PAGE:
Cycling for Kids QUICKGuide

Winning the helmet battle

Although kids rarely pay attention to statistics, here’s one as a parent you’ll want to know: a helmet can reduce the risk of head injury by 85%. We know it can be a challenge to get kids to wear helmets, and this is especially true in the pre-teen and teenage years, but don’t despair. Consider going out with your child to pick out a helmet that has a style or pattern that fits their personal style. If you want to do an object lesson for the difference a helmet makes for younger kids, grab a couple eggs, a box, a chair, a pile of bubble wrap and head outside. Standing on the chair, drop an egg into the box of bubble wrap (it shouldn’t break), and then perform again on the driveway with no protection and watch the egg splat. You can teach it from there – helmet vs. no helmet.

Lock in the two finger rule

To ensure snug fit and correct helmet position, no more than two fingers should fit in the space between the eyebrows and the front of the helmet and no more than two fingers should fit between the chin strap and chin. The helmet straps should also form a “V” over the ears.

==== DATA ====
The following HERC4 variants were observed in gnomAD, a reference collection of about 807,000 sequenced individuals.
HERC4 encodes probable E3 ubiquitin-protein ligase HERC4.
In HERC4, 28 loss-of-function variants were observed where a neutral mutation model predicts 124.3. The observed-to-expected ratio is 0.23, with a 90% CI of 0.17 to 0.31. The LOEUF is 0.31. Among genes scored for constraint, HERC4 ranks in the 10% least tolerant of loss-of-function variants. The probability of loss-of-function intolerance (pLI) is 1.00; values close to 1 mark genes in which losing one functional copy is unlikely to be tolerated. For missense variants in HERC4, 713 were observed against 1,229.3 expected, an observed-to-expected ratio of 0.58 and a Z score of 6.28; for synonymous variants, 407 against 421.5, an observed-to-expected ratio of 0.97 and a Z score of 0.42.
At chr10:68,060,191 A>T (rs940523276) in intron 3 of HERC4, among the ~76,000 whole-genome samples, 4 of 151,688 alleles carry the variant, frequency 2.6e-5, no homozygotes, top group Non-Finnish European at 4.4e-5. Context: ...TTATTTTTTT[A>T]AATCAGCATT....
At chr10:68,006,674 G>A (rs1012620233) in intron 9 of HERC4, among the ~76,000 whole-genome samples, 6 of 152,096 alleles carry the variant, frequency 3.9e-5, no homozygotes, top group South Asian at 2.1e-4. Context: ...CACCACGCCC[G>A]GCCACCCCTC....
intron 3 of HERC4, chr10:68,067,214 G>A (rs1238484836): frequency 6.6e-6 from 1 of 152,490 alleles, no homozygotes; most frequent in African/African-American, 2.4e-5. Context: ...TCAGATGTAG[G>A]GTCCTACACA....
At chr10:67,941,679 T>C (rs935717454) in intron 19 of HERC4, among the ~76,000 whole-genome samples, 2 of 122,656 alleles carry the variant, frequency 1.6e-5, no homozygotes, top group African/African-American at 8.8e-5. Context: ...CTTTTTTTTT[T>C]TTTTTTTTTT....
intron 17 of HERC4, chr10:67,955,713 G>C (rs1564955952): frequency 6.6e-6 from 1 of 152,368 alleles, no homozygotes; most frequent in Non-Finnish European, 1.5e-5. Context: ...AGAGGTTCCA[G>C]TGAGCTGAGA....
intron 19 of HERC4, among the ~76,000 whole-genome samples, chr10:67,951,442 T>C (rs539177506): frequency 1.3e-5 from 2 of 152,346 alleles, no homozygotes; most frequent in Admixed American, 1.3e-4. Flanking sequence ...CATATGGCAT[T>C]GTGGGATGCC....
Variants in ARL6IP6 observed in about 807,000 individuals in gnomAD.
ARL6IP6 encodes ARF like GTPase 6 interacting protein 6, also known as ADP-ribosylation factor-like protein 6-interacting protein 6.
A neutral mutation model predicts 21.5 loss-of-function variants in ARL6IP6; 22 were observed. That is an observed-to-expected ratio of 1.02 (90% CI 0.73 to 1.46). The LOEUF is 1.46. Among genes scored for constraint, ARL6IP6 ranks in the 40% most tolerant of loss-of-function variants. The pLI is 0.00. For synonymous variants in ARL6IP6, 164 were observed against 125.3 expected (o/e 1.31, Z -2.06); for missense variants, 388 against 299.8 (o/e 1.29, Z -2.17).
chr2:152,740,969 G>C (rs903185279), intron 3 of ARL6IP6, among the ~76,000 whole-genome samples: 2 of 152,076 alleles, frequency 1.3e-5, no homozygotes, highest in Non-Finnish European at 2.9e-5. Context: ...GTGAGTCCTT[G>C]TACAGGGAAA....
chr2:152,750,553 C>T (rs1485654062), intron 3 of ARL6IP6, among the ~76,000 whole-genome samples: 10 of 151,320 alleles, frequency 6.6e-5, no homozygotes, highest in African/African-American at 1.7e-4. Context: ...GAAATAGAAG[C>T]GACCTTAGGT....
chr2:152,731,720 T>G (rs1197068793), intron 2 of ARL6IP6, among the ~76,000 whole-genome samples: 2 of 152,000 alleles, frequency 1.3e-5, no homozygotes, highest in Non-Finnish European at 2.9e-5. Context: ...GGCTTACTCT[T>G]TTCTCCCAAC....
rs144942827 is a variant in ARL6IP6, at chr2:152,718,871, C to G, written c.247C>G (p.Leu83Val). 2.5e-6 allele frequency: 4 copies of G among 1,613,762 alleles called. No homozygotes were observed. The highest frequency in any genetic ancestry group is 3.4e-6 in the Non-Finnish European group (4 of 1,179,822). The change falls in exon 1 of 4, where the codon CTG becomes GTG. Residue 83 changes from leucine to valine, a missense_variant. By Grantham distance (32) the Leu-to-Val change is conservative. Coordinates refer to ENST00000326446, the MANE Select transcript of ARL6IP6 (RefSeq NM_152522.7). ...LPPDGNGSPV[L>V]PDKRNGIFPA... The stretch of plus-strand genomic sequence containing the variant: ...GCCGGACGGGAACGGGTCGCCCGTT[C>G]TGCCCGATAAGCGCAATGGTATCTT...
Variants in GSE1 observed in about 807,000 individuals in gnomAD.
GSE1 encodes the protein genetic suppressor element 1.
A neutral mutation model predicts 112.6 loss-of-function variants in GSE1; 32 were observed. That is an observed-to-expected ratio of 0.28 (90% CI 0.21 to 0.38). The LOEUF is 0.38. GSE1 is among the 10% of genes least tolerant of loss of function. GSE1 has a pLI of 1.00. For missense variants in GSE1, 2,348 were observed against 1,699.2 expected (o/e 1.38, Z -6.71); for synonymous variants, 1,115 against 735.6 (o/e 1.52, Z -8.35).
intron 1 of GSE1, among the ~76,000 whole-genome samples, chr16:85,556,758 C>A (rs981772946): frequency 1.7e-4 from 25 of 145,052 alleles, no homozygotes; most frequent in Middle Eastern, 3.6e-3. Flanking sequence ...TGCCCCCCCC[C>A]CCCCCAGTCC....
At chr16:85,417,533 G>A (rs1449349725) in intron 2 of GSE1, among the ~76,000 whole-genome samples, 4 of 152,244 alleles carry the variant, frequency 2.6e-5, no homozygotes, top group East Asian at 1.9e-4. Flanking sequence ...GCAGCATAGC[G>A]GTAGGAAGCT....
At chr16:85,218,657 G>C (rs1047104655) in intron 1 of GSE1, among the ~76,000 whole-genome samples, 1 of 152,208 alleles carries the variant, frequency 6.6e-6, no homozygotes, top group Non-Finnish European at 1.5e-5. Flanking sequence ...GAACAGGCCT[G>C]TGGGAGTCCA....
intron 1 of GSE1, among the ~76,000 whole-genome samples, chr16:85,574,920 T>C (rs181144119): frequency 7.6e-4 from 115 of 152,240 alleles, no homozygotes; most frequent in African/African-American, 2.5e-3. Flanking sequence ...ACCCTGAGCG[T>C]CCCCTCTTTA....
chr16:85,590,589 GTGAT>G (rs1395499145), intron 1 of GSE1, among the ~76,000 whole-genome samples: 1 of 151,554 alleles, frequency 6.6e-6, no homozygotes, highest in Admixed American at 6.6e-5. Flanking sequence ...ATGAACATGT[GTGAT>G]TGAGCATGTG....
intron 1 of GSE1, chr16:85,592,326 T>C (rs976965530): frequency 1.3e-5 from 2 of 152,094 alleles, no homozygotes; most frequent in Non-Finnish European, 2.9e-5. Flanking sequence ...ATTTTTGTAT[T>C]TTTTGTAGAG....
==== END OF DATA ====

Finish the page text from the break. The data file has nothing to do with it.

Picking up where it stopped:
No iPod on wheels

Headphones need to be off when riding the bike. Although this is intuitive to us as parents, is not always common sense for kids.

Teach kids to play by the rules and assume others won’t

On a bike, kids are responsible to abide by the same rules of the road as motorists, including following traffic signals and riding on the right side of the road. Kids should also walk their bikes across intersections. We know motorists are supposed to share the road, but with all the distractions, kids need to be ultra-vigilant, and this is a hard thing even for adults. Keep teaching all the good common sense principles and reinforcing them as much as possible. As the parent, you decide when it’s appropriate for them to ride alone, on streets versus paths, based on when you feel they are responsible and ready.

Don’t blend in

This is one place where attracting attention is a good thing. You want your kids to stand out – this means bright colored clothing and helmets. With so many distractions vying for drivers’ attention, you want motorists to see kids on the road. Thankfully, bright colors and neon are back in style and a hot trend in fashion. It might make it an easier sell to the kids.

Building awareness of the surroundings

Many accidents and injuries come from losing control of the bike. Some of these can be avoided by looking ahead and safely slowing down and avoiding potholes, debris, sewer grates, sand and other problem areas.

Check out our Family Fun Cycling Guide for more great tips and recommended Minnesota trails.

Learn more about Summit’s Cycling Program and personalized cycling evaluations.

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